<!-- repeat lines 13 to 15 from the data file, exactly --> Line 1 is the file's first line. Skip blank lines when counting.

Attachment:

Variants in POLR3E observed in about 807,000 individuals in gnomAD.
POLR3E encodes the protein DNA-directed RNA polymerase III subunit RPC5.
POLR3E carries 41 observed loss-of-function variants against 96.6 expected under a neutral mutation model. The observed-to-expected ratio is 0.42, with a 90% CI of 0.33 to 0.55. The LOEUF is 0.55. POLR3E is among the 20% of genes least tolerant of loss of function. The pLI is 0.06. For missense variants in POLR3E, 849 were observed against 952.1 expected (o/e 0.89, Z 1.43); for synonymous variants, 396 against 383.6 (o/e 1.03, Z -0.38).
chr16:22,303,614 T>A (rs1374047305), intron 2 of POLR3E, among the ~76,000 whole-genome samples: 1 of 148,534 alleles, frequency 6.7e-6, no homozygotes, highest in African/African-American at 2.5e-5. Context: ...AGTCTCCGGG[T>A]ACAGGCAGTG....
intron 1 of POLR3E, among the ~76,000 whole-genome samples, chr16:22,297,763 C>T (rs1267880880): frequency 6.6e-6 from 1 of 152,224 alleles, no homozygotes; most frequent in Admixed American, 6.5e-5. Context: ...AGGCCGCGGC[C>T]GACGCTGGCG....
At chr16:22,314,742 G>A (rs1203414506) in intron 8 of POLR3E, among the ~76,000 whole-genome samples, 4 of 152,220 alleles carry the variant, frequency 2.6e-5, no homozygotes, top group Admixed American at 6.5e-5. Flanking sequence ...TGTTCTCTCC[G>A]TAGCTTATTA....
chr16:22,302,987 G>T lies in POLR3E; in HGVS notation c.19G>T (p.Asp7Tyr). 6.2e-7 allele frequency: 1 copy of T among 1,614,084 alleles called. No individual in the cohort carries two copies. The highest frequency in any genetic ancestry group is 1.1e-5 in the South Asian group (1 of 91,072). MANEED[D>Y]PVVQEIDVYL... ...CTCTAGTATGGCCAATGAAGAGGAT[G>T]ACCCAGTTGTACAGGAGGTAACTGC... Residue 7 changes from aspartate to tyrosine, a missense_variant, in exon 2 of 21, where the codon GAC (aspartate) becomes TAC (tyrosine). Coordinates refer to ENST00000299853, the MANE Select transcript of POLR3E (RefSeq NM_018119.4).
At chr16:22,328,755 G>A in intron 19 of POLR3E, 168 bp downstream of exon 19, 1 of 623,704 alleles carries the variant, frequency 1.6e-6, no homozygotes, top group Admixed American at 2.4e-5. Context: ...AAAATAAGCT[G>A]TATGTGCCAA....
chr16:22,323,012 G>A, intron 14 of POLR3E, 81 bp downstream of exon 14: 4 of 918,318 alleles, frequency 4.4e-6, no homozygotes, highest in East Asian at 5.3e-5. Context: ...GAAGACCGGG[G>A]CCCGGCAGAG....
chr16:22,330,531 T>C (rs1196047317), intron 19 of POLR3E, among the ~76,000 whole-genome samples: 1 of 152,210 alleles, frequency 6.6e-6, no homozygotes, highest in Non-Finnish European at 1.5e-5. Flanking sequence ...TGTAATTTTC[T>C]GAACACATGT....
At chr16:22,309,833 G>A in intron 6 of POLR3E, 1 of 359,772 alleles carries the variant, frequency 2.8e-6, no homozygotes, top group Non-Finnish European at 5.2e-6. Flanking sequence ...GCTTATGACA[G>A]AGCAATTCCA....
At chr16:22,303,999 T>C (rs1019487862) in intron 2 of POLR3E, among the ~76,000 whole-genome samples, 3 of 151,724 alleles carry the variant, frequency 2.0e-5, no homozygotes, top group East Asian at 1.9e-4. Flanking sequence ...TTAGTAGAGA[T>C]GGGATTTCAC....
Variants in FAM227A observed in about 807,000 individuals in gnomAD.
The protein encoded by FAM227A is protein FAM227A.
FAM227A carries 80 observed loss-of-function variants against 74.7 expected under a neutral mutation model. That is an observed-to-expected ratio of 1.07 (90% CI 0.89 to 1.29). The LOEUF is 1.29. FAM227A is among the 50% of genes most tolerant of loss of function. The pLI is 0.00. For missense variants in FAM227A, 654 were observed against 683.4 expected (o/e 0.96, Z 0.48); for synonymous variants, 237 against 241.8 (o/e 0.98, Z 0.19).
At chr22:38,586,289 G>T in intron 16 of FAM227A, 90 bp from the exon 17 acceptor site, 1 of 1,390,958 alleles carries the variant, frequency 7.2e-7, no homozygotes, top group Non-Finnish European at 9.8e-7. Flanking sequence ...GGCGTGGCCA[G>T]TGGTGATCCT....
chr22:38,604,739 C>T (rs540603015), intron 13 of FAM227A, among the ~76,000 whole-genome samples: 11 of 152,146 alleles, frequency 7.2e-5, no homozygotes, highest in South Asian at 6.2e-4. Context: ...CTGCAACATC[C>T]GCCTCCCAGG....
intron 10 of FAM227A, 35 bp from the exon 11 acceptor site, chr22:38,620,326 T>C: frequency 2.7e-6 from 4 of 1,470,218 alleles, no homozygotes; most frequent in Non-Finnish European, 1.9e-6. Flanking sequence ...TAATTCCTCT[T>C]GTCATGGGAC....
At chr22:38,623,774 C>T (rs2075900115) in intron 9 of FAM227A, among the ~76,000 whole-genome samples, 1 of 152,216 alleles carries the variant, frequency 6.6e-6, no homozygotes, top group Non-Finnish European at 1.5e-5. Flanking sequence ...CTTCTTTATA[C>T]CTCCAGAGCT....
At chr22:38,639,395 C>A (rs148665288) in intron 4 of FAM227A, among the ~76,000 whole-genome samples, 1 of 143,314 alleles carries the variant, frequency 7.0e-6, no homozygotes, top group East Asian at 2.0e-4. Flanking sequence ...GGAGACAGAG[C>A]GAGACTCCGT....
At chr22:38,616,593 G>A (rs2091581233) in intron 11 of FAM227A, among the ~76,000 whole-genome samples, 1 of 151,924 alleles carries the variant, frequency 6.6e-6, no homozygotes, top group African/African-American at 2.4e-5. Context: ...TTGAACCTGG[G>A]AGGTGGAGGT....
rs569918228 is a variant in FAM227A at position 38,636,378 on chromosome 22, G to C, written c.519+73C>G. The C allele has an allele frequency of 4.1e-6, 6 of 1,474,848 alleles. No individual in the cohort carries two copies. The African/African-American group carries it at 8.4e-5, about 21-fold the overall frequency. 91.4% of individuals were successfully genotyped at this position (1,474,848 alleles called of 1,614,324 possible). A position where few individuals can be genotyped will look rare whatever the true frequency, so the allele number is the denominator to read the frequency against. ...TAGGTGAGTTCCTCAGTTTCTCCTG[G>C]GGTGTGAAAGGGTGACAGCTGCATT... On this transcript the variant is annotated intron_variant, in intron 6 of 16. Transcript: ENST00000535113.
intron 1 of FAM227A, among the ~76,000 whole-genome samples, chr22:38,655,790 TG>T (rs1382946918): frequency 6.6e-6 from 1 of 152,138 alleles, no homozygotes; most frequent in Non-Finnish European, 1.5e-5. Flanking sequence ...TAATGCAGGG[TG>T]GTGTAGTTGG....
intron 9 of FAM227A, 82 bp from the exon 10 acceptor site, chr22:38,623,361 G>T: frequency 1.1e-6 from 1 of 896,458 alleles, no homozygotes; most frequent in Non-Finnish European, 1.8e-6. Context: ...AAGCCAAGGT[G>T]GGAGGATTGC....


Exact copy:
Variants in FAM227A observed in about 807,000 individuals in gnomAD.
The protein encoded by FAM227A is protein FAM227A.
FAM227A carries 80 observed loss-of-function variants against 74.7 expected under a neutral mutation model. That is an observed-to-expected ratio of 1.07 (90% CI 0.89 to 1.29). The LOEUF is 1.29. FAM227A is among the 50% of genes most tolerant of loss of function. The pLI is 0.00. For missense variants in FAM227A, 654 were observed against 683.4 expected (o/e 0.96, Z 0.48); for synonymous variants, 237 against 241.8 (o/e 0.98, Z 0.19).